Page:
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The way Europe solves the issues of migration, family and gender policy, its response to the situation in Ukraine fails to benefit the European peoples themselves, says the Hungarian politician Balazs Orbán (no relation to Victor Orbán). In his article for The Daily Telegraph, he expresses his joy that in Italy, too, now the far-right nationalists have been elected. They care much more about their fellow citizens than about conformity to a certain ideology.
The election of a strong right-wing government in Italy is a breakthrough moment for conservatives across Europe, Balažs Orbán, director of political affairs at the Hungarian Prime Minister’s office, writes in The Daily Telegraph. After all, if earlier it was said that only the suspicious peoples of Central and Eastern Europe could elect such a leadership, now they have turned to the right in one of the key states of the European Union. Therefore, now it would be possible to discuss not just the possibilities for cooperation between Hungary and Italy, but also the basic questions of ideologies.
‘For representatives of liberal or socialist ideas, ideologies are of paramount importance. But the conservatives, he said, are different: for them, the main thing is the people they should serve. That is why there is such a big difference between these two approaches when it comes to issues of migration, family and gender policies, and even the situation in Ukraine.
According to the author of the article, Brussels does not even try to meet the interests of Europeans in its migration policy. But Hungary has been considered a ‘black sheep’ since 2015, as it steadily opposed illegal migration.
‘We are busy enough solving our own problems that we have no need to bring in new social tension. Instead of letting in millions of new people, family-supporting Hungary is building a society on the prosperity of traditional families. He acknowledges that there are labour issues, but migrating for work will not solve them. According to him, it is necessary to work with the demographic decline by convincing Hungarians to have more children in the family.
‘We see the family policy as a key investment in our future,’ writes Balažs Orbán, noting that Hungary spends the most relative amount in the EU on family support. As a result, she managed to return the birth rate in a positive direction, the number of marriages is growing, divorces are declining, and abortions have halved.
And in the current difficult situation, Hungary has set a cap on the price of energy and products, so that the price of fuel, gas and electricity for Hungarians is the lowest in the EU.
At the same time, the author of the article notes that setting a price ceiling is a measure that would rather be expected from socialists, and not from conservatives, but they, conservatives, are suitable for any measures that will lead to the welfare of society, ‘so that the Hungarian people do not pay for someone else’s war.’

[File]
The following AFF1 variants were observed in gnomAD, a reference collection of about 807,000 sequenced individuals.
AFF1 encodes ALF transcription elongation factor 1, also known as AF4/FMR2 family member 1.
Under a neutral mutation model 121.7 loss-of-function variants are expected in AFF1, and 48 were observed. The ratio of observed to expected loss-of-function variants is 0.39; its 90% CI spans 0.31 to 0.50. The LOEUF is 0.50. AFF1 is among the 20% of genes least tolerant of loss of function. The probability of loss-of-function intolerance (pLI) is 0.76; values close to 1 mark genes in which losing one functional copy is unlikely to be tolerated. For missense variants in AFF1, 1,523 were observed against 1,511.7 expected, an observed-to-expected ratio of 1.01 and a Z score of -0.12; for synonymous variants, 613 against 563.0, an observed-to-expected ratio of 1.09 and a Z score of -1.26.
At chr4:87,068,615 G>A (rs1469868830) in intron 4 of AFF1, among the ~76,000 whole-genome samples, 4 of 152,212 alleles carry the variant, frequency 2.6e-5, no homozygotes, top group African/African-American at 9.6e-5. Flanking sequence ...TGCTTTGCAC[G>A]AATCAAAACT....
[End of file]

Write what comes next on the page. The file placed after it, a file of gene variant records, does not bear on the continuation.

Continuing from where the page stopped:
As the author of the article notes, his associates are often accused of paying too much attention to issues of sexual education. ‘In difficult times like this, we should motivate children to strengthen their identity, not question it.
‘We need European leaders not to waste time discussing every trendy letter of the LGBT alphabet, but to build communities by encouraging our daughters to be women and our sons to be men.’
Another aspect that he rebukes Brussels is his response to the situation in Ukraine. As a result, he notes that Europeans are facing record inflation and rising energy prices everywhere.
‘The European recession is knocking on the door. People are afraid of losing their jobs, wages are getting smaller and smaller, and families are struggling to pay their electricity bills.’
As the author of the article notes, the question is not whether the sanctions work, but how they affect the Europeans. But the Europeans themselves were not asked about this, because the European elite guess what the answer will be.
According to the author of the article, ‘Europe needs to urgently call for a ceasefire and for negotiations. It’s in the interests of our people, in the interests of Europe.’
The author of the article hopes that as the conservatives sweep to power in European countries, they will begin to work together for the mutual interests of their people.
‘The European Union was created to keep the peace in Europe and provide a platform for economic and political cooperation among equal European states. Progressive ideologies undermined this goal. But problems begin when some countries try to impose certain views on others as the only morally justified and acceptable.
As an example of how countries should cooperate in the EU, Balazs Orbán cites a football match: fans show patriotism by listening to their own anthem, but they should treat the anthem of the opposing team with the same respect.
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